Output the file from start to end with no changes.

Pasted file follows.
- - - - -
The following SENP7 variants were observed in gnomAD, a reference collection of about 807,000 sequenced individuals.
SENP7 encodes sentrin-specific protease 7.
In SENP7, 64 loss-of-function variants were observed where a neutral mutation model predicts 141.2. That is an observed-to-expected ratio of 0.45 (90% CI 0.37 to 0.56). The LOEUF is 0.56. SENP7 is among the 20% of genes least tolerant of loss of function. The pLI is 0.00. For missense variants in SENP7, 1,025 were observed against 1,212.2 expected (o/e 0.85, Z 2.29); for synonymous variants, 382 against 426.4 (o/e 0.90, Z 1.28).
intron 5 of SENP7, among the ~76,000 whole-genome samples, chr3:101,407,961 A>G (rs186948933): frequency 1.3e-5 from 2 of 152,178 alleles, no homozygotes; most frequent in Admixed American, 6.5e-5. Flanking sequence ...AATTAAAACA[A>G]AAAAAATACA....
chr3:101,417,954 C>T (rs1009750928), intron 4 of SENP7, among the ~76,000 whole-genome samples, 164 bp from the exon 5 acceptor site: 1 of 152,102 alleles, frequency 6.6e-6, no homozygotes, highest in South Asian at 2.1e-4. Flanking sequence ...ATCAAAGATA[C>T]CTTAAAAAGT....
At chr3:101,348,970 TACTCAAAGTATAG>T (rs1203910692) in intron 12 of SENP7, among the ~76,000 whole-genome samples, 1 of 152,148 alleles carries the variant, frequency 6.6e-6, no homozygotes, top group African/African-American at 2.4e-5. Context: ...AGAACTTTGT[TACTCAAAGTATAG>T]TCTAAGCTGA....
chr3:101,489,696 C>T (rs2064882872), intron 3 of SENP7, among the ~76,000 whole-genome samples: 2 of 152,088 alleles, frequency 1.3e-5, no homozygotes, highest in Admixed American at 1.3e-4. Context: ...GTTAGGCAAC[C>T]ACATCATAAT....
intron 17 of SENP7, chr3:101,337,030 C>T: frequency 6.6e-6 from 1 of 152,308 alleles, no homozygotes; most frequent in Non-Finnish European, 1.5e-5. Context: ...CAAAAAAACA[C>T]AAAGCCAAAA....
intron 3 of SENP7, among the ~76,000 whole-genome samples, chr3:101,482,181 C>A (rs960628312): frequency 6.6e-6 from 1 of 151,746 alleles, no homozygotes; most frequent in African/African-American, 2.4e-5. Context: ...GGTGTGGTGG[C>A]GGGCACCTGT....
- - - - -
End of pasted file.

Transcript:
The following SENP7 variants were observed in gnomAD, a reference collection of about 807,000 sequenced individuals.
SENP7 encodes sentrin-specific protease 7.
In SENP7, 64 loss-of-function variants were observed where a neutral mutation model predicts 141.2. That is an observed-to-expected ratio of 0.45 (90% CI 0.37 to 0.56). The LOEUF is 0.56. SENP7 is among the 20% of genes least tolerant of loss of function. The pLI is 0.00. For missense variants in SENP7, 1,025 were observed against 1,212.2 expected (o/e 0.85, Z 2.29); for synonymous variants, 382 against 426.4 (o/e 0.90, Z 1.28).
intron 5 of SENP7, among the ~76,000 whole-genome samples, chr3:101,407,961 A>G (rs186948933): frequency 1.3e-5 from 2 of 152,178 alleles, no homozygotes; most frequent in Admixed American, 6.5e-5. Flanking sequence ...AATTAAAACA[A>G]AAAAAATACA....
chr3:101,417,954 C>T (rs1009750928), intron 4 of SENP7, among the ~76,000 whole-genome samples, 164 bp from the exon 5 acceptor site: 1 of 152,102 alleles, frequency 6.6e-6, no homozygotes, highest in South Asian at 2.1e-4. Flanking sequence ...ATCAAAGATA[C>T]CTTAAAAAGT....
At chr3:101,348,970 TACTCAAAGTATAG>T (rs1203910692) in intron 12 of SENP7, among the ~76,000 whole-genome samples, 1 of 152,148 alleles carries the variant, frequency 6.6e-6, no homozygotes, top group African/African-American at 2.4e-5. Context: ...AGAACTTTGT[TACTCAAAGTATAG>T]TCTAAGCTGA....
chr3:101,489,696 C>T (rs2064882872), intron 3 of SENP7, among the ~76,000 whole-genome samples: 2 of 152,088 alleles, frequency 1.3e-5, no homozygotes, highest in Admixed American at 1.3e-4. Context: ...GTTAGGCAAC[C>T]ACATCATAAT....
intron 17 of SENP7, chr3:101,337,030 C>T: frequency 6.6e-6 from 1 of 152,308 alleles, no homozygotes; most frequent in Non-Finnish European, 1.5e-5. Context: ...CAAAAAAACA[C>T]AAAGCCAAAA....
intron 3 of SENP7, among the ~76,000 whole-genome samples, chr3:101,482,181 C>A (rs960628312): frequency 6.6e-6 from 1 of 151,746 alleles, no homozygotes; most frequent in African/African-American, 2.4e-5. Context: ...GGTGTGGTGG[C>A]GGGCACCTGT....